Tuesday, June 17, 2008
That Which Doesn't Kill Us
The purpose of this summer’s cruising has always been to “break stuff and learn a lot” while still in relatively familiar territory. You’ll be happy to know that Dr C and I are succeeding admirably. A short, incomplete list of what we’ve broken includes: the alternator, the chart plotter, the jib furler, the camera, the starboard head, the sail cover, the hinges on the cabinet door under the sink, the pencil sharpener, the oven solenoid, the wind direction indicator, the forestay, starboard hatch latch #2, Dr C’s back, the port jib line, all of my nails, and the broom. With the exception of my nails and the B&G electronic wind indicator, to date we’ve fixed everything we’ve broken.
What we’ve learned would fill a cruising book. Depressingly, what we’ve learned actually does fill a cruising book. I suspect now that reading all those tomes was a serious waste of time. It didn’t just go in one ear and out the other. The information apparently went whistling through our heads stripping brain cells like a pin ball run amuck in the machinery of our cruising expectations. Had we read nothing whatsoever, we would at least have gone out scared spitless. We probably should be scared spitless. We’re really bad at this.
Here’s the problem. Fundamentally, the cruising life involves a rather short list of repetitive behaviors that are so deeply steeped into the very fiber, fabric and essence of your soul that you replicate them each and every time. Unfortunately, Dr C and I have all the memory retention capacity of a terrier on anti-depressant doggy dopers.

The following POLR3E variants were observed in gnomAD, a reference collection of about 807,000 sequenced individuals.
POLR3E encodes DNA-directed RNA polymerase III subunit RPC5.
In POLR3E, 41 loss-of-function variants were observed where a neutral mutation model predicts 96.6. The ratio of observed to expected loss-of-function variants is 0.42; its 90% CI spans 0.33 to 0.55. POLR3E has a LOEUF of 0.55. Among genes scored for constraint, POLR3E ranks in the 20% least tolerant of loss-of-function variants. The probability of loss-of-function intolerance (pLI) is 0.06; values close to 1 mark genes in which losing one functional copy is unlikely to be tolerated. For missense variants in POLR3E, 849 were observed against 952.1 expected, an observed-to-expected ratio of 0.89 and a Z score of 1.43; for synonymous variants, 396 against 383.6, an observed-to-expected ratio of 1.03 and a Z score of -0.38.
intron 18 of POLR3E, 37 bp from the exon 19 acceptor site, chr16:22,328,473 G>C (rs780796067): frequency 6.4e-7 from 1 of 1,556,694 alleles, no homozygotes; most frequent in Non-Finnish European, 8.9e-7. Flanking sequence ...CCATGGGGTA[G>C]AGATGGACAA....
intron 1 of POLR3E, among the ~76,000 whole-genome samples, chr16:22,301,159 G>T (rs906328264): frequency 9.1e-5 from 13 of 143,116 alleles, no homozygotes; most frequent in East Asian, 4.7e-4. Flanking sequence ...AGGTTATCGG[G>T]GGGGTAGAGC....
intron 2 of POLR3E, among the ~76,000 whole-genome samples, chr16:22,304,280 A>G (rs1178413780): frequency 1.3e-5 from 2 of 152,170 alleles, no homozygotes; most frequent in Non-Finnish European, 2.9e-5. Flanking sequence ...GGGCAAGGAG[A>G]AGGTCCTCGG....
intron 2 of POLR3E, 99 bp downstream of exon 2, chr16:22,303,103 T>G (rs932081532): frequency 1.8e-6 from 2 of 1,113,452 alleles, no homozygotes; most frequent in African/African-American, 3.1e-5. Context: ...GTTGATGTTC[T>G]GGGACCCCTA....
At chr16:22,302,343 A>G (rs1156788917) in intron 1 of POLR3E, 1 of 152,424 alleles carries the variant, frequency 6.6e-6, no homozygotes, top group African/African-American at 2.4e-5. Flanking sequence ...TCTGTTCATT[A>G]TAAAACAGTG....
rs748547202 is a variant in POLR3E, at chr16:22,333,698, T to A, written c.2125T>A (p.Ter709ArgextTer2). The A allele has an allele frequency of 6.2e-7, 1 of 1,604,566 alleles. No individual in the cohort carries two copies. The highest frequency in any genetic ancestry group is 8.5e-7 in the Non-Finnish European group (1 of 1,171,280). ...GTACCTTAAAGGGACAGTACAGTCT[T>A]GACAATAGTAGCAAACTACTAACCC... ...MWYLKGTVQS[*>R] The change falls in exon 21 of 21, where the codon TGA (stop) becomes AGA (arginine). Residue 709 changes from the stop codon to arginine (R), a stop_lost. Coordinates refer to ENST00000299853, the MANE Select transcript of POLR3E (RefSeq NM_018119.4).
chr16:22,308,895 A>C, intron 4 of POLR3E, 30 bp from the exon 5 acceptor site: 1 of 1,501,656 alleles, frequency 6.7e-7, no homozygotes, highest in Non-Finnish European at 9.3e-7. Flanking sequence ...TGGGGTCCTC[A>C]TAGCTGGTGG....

Let’s take, for example, leaving an anchorage. It shouldn’t be hard. Engines on, pull up anchor, drive off. Not so fast! Did you fly the dinghy on the davits? Release the boom swing preventer? Shut the salon windows so the jib sheets don’t rip them off? Bring in all the blue clothes and towels from the lifelines? Stow the inflatable alligator in the forward locker? Is the swim ladder up? The dinghy painter carefully stowed so it can’t tangle the props? The nav and autopilot instruments turned on? Do you have Mera?
Before pulling anchor, you also need to know where you’re going, check charts, weather, and cruising guide then plan a route and program it into the nav station. Woo, there skipper. You forgot to check the tide tables and the current tables. It wouldn’t hurt to stow the computers, get the kids settled for school, and put on some decent music as well. If this is going to be a long slog, make sure you get your socks on, grab the iPod and a book of Sudoku, and throw some sewing supplies on the helm so there’s something to do. If you fail to do even one of these tasks, something bad will happen. The highest probability is that something will involve breaking something expensive.
What is the most important thing we’ve learned during our first month of cruising? It is possible to survive as a cruiser even in the face of seemingly insurmountable incompetence.